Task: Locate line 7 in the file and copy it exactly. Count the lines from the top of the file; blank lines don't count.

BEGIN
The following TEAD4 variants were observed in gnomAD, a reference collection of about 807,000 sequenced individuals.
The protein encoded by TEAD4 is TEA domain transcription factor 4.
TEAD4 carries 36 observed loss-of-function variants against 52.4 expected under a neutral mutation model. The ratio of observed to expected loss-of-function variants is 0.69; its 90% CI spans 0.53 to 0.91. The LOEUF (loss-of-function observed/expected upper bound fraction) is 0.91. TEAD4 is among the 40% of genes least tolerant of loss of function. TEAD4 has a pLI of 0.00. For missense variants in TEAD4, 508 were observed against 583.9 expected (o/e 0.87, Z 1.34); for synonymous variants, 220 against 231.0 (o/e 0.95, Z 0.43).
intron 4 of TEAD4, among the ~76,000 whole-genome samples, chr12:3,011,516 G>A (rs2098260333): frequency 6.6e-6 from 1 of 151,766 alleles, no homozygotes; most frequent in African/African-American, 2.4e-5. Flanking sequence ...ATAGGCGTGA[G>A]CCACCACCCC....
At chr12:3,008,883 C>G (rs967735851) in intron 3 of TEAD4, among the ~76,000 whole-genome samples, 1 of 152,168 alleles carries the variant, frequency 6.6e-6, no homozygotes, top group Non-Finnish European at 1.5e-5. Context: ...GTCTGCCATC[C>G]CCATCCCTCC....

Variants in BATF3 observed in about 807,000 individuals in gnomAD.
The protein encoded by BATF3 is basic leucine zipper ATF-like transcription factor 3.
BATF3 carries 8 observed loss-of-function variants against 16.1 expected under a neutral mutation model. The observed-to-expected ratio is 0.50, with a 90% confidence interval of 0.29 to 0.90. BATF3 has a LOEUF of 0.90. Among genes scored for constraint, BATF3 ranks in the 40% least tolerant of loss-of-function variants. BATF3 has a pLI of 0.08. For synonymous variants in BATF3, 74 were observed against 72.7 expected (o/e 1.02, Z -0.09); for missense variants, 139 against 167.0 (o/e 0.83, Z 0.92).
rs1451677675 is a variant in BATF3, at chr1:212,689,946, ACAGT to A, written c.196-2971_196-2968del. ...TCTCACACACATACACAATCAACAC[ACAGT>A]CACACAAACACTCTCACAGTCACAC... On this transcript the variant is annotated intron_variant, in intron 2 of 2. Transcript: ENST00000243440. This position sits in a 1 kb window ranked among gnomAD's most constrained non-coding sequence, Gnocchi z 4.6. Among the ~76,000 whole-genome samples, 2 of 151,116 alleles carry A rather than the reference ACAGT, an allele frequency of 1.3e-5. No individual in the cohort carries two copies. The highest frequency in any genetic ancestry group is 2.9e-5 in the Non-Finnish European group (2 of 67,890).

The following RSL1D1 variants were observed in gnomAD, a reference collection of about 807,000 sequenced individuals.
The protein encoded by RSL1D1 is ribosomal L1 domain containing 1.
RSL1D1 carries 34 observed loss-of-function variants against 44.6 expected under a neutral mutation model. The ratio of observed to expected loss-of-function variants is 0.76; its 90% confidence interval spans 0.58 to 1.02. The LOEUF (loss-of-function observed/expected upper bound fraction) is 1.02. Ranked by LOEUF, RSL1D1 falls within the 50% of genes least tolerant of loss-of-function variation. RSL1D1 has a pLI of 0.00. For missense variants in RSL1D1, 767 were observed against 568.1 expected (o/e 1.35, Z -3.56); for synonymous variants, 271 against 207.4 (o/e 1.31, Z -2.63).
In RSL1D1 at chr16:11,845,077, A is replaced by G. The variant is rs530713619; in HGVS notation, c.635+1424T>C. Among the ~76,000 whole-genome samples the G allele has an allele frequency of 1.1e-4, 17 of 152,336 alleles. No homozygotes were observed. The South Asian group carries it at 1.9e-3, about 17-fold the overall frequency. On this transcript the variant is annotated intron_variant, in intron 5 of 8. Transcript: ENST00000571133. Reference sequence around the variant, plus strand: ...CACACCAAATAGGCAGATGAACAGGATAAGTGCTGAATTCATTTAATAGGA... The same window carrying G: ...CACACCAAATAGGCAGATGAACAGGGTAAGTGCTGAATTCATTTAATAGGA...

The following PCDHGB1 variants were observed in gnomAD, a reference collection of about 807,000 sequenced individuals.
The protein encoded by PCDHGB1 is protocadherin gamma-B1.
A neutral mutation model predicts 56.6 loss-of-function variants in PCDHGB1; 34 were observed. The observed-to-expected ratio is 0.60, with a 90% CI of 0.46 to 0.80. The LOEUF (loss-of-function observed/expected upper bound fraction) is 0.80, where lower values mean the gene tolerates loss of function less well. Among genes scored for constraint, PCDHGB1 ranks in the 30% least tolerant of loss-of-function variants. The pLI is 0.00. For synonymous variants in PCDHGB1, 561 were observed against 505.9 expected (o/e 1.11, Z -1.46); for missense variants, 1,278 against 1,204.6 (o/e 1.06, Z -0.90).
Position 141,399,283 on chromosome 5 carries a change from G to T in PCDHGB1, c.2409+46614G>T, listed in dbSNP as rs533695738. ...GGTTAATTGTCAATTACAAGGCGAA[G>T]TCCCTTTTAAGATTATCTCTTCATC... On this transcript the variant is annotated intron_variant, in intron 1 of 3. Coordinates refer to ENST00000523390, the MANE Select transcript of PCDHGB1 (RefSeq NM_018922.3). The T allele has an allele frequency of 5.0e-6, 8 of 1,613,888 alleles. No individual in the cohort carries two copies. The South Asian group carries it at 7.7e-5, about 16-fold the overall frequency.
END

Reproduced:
The protein encoded by BATF3 is basic leucine zipper ATF-like transcription factor 3.